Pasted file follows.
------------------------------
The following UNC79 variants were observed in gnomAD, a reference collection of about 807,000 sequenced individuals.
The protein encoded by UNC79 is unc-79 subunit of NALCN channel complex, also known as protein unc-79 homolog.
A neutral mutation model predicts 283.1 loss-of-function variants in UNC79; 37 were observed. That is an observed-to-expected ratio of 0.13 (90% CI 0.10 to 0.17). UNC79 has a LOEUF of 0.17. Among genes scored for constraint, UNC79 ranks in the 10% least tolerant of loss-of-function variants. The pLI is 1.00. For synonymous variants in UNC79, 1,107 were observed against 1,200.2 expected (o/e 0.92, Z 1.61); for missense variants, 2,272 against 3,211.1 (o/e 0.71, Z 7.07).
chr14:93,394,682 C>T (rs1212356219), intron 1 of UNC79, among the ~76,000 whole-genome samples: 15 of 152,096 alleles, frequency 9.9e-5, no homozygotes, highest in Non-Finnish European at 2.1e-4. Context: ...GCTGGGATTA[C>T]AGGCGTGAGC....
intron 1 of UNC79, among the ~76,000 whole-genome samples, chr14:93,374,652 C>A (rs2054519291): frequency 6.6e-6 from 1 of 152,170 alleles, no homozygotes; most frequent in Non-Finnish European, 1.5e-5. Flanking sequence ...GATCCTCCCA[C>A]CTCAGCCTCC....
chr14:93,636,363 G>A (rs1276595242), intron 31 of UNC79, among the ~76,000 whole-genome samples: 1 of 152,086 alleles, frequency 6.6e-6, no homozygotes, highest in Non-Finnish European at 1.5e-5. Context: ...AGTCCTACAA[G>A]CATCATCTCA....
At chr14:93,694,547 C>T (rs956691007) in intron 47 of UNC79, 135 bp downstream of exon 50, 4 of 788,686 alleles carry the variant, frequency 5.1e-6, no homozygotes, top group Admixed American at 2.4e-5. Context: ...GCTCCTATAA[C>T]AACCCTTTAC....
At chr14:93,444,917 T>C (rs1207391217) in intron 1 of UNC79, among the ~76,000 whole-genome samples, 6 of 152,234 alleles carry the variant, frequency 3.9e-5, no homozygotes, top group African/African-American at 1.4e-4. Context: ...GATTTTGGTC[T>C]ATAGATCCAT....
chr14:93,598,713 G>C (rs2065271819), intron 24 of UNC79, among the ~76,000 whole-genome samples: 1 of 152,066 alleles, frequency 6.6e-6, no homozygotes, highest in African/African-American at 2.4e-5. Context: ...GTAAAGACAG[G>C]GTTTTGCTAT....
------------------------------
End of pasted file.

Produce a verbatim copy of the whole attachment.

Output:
The following UNC79 variants were observed in gnomAD, a reference collection of about 807,000 sequenced individuals.
The protein encoded by UNC79 is unc-79 subunit of NALCN channel complex, also known as protein unc-79 homolog.
A neutral mutation model predicts 283.1 loss-of-function variants in UNC79; 37 were observed. That is an observed-to-expected ratio of 0.13 (90% CI 0.10 to 0.17). UNC79 has a LOEUF of 0.17. Among genes scored for constraint, UNC79 ranks in the 10% least tolerant of loss-of-function variants. The pLI is 1.00. For synonymous variants in UNC79, 1,107 were observed against 1,200.2 expected (o/e 0.92, Z 1.61); for missense variants, 2,272 against 3,211.1 (o/e 0.71, Z 7.07).
chr14:93,394,682 C>T (rs1212356219), intron 1 of UNC79, among the ~76,000 whole-genome samples: 15 of 152,096 alleles, frequency 9.9e-5, no homozygotes, highest in Non-Finnish European at 2.1e-4. Context: ...GCTGGGATTA[C>T]AGGCGTGAGC....
intron 1 of UNC79, among the ~76,000 whole-genome samples, chr14:93,374,652 C>A (rs2054519291): frequency 6.6e-6 from 1 of 152,170 alleles, no homozygotes; most frequent in Non-Finnish European, 1.5e-5. Flanking sequence ...GATCCTCCCA[C>A]CTCAGCCTCC....
chr14:93,636,363 G>A (rs1276595242), intron 31 of UNC79, among the ~76,000 whole-genome samples: 1 of 152,086 alleles, frequency 6.6e-6, no homozygotes, highest in Non-Finnish European at 1.5e-5. Context: ...AGTCCTACAA[G>A]CATCATCTCA....
At chr14:93,694,547 C>T (rs956691007) in intron 47 of UNC79, 135 bp downstream of exon 50, 4 of 788,686 alleles carry the variant, frequency 5.1e-6, no homozygotes, top group Admixed American at 2.4e-5. Context: ...GCTCCTATAA[C>T]AACCCTTTAC....
At chr14:93,444,917 T>C (rs1207391217) in intron 1 of UNC79, among the ~76,000 whole-genome samples, 6 of 152,234 alleles carry the variant, frequency 3.9e-5, no homozygotes, top group African/African-American at 1.4e-4. Context: ...GATTTTGGTC[T>C]ATAGATCCAT....
chr14:93,598,713 G>C (rs2065271819), intron 24 of UNC79, among the ~76,000 whole-genome samples: 1 of 152,066 alleles, frequency 6.6e-6, no homozygotes, highest in African/African-American at 2.4e-5. Context: ...GTAAAGACAG[G>C]GTTTTGCTAT....